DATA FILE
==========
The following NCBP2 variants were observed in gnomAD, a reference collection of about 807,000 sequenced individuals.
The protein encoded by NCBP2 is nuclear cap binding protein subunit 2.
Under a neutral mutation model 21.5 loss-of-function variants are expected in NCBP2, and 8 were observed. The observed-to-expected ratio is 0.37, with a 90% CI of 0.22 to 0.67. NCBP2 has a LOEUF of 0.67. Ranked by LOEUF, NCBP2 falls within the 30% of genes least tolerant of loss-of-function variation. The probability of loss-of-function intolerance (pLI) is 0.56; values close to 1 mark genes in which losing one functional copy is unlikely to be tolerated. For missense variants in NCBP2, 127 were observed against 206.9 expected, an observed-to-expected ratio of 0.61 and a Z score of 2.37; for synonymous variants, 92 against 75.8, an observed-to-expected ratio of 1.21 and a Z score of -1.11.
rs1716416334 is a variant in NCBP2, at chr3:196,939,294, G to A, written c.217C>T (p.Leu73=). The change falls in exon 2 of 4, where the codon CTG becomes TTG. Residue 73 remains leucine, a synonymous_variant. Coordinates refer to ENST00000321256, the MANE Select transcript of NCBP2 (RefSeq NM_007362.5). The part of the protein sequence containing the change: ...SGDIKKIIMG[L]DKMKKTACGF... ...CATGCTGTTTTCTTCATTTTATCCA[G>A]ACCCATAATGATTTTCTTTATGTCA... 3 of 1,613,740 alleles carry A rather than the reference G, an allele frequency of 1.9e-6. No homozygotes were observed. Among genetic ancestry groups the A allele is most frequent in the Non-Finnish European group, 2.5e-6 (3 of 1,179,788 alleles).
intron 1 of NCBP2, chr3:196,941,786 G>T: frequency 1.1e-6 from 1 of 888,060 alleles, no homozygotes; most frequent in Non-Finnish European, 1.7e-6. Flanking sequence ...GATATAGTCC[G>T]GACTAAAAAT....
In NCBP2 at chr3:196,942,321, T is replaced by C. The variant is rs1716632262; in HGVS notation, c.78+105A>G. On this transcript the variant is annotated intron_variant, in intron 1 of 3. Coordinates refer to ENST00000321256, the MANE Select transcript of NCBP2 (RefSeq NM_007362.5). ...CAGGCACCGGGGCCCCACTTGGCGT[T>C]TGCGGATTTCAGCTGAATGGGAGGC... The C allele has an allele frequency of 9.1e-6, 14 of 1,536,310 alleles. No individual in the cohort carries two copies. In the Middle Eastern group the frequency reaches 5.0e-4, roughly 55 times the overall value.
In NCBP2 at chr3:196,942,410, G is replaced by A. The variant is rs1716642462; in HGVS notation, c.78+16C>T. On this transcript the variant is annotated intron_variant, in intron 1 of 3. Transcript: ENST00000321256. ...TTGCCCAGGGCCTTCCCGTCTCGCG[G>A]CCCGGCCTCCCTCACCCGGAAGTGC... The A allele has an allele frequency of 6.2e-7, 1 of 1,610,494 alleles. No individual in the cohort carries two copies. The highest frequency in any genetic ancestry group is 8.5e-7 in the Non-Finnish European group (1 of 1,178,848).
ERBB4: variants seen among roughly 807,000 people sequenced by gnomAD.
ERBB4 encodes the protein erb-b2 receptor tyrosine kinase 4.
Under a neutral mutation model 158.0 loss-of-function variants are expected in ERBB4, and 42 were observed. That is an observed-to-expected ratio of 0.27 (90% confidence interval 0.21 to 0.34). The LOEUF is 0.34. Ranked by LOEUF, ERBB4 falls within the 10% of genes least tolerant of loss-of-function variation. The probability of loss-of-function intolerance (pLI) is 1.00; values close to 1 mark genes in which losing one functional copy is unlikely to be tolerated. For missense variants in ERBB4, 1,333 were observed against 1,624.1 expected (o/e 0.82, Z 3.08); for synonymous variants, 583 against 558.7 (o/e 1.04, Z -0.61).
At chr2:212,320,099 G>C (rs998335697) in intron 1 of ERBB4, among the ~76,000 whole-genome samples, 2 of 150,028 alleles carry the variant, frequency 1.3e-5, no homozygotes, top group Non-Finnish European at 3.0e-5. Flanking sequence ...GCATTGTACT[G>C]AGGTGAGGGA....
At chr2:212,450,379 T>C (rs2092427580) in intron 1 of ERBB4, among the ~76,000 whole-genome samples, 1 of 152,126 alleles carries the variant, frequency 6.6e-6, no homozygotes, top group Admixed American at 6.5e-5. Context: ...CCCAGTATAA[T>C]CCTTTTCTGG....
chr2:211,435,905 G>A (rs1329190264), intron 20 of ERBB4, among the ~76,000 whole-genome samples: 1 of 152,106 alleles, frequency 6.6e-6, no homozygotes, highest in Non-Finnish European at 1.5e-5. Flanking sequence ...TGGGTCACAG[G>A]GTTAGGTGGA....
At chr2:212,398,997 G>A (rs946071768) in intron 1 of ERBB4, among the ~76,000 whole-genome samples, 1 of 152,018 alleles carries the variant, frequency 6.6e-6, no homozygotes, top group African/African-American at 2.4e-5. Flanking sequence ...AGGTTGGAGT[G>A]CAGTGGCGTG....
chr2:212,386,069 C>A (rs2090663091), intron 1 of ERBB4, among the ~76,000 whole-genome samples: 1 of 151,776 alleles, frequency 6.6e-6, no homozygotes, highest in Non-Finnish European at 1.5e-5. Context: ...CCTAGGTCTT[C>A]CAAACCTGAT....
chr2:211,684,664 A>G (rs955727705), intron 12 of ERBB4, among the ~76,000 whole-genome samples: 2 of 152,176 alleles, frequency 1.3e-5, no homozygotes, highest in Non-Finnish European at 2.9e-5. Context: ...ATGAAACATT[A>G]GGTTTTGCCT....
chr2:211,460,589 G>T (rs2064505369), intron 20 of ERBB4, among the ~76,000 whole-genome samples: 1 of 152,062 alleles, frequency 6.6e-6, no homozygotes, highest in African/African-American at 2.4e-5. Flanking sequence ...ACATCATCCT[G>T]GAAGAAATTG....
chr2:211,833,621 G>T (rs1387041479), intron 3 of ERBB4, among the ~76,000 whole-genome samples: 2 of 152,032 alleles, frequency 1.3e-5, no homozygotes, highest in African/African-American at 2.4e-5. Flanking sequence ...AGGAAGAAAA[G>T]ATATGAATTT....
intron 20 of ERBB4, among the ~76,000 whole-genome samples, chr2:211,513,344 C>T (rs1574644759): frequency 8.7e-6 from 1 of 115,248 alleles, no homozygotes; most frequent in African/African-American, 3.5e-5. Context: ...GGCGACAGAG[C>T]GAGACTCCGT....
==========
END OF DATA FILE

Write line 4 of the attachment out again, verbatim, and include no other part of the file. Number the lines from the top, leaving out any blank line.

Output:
rs1716416334 is a variant in NCBP2, at chr3:196,939,294, G to A, written c.217C>T (p.Leu73=). The change falls in exon 2 of 4, where the codon CTG becomes TTG. Residue 73 remains leucine, a synonymous_variant. Coordinates refer to ENST00000321256, the MANE Select transcript of NCBP2 (RefSeq NM_007362.5). The part of the protein sequence containing the change: ...SGDIKKIIMG[L]DKMKKTACGF... ...CATGCTGTTTTCTTCATTTTATCCA[G>A]ACCCATAATGATTTTCTTTATGTCA... 3 of 1,613,740 alleles carry A rather than the reference G, an allele frequency of 1.9e-6. No homozygotes were observed. Among genetic ancestry groups the A allele is most frequent in the Non-Finnish European group, 2.5e-6 (3 of 1,179,788 alleles).